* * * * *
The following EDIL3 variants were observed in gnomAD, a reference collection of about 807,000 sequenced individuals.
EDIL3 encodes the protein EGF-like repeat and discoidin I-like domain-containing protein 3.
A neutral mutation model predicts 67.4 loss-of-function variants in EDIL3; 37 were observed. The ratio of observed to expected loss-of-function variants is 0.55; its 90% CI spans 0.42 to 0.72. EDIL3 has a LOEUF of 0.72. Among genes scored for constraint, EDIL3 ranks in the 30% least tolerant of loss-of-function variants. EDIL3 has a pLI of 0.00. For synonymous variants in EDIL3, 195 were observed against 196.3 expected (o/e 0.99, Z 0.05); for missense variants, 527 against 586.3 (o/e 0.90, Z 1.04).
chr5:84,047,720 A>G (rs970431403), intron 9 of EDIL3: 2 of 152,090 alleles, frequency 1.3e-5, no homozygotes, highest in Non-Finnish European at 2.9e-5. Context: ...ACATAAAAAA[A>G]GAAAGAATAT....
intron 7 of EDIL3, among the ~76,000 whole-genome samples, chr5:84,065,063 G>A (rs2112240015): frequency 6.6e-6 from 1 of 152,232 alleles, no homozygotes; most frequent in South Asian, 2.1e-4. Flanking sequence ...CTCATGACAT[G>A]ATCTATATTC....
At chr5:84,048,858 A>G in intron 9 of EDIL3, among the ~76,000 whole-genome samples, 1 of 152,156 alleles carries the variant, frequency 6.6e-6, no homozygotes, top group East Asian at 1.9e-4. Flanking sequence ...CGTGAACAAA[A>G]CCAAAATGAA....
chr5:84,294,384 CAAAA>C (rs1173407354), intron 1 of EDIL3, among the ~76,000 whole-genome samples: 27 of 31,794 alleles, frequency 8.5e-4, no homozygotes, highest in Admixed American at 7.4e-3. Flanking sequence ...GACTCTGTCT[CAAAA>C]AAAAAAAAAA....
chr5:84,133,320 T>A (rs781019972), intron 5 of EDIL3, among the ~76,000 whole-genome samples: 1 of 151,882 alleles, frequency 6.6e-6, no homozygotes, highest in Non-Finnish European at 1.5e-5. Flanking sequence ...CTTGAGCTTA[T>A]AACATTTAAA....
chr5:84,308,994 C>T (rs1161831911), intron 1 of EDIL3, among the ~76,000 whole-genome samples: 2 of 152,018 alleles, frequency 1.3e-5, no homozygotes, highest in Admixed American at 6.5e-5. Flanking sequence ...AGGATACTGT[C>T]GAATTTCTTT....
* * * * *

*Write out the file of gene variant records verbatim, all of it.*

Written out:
The following EDIL3 variants were observed in gnomAD, a reference collection of about 807,000 sequenced individuals.
EDIL3 encodes the protein EGF-like repeat and discoidin I-like domain-containing protein 3.
A neutral mutation model predicts 67.4 loss-of-function variants in EDIL3; 37 were observed. The ratio of observed to expected loss-of-function variants is 0.55; its 90% CI spans 0.42 to 0.72. EDIL3 has a LOEUF of 0.72. Among genes scored for constraint, EDIL3 ranks in the 30% least tolerant of loss-of-function variants. EDIL3 has a pLI of 0.00. For synonymous variants in EDIL3, 195 were observed against 196.3 expected (o/e 0.99, Z 0.05); for missense variants, 527 against 586.3 (o/e 0.90, Z 1.04).
chr5:84,047,720 A>G (rs970431403), intron 9 of EDIL3: 2 of 152,090 alleles, frequency 1.3e-5, no homozygotes, highest in Non-Finnish European at 2.9e-5. Context: ...ACATAAAAAA[A>G]GAAAGAATAT....
intron 7 of EDIL3, among the ~76,000 whole-genome samples, chr5:84,065,063 G>A (rs2112240015): frequency 6.6e-6 from 1 of 152,232 alleles, no homozygotes; most frequent in South Asian, 2.1e-4. Flanking sequence ...CTCATGACAT[G>A]ATCTATATTC....
At chr5:84,048,858 A>G in intron 9 of EDIL3, among the ~76,000 whole-genome samples, 1 of 152,156 alleles carries the variant, frequency 6.6e-6, no homozygotes, top group East Asian at 1.9e-4. Flanking sequence ...CGTGAACAAA[A>G]CCAAAATGAA....
chr5:84,294,384 CAAAA>C (rs1173407354), intron 1 of EDIL3, among the ~76,000 whole-genome samples: 27 of 31,794 alleles, frequency 8.5e-4, no homozygotes, highest in Admixed American at 7.4e-3. Flanking sequence ...GACTCTGTCT[CAAAA>C]AAAAAAAAAA....
chr5:84,133,320 T>A (rs781019972), intron 5 of EDIL3, among the ~76,000 whole-genome samples: 1 of 151,882 alleles, frequency 6.6e-6, no homozygotes, highest in Non-Finnish European at 1.5e-5. Flanking sequence ...CTTGAGCTTA[T>A]AACATTTAAA....
chr5:84,308,994 C>T (rs1161831911), intron 1 of EDIL3, among the ~76,000 whole-genome samples: 2 of 152,018 alleles, frequency 1.3e-5, no homozygotes, highest in Admixed American at 6.5e-5. Flanking sequence ...AGGATACTGT[C>T]GAATTTCTTT....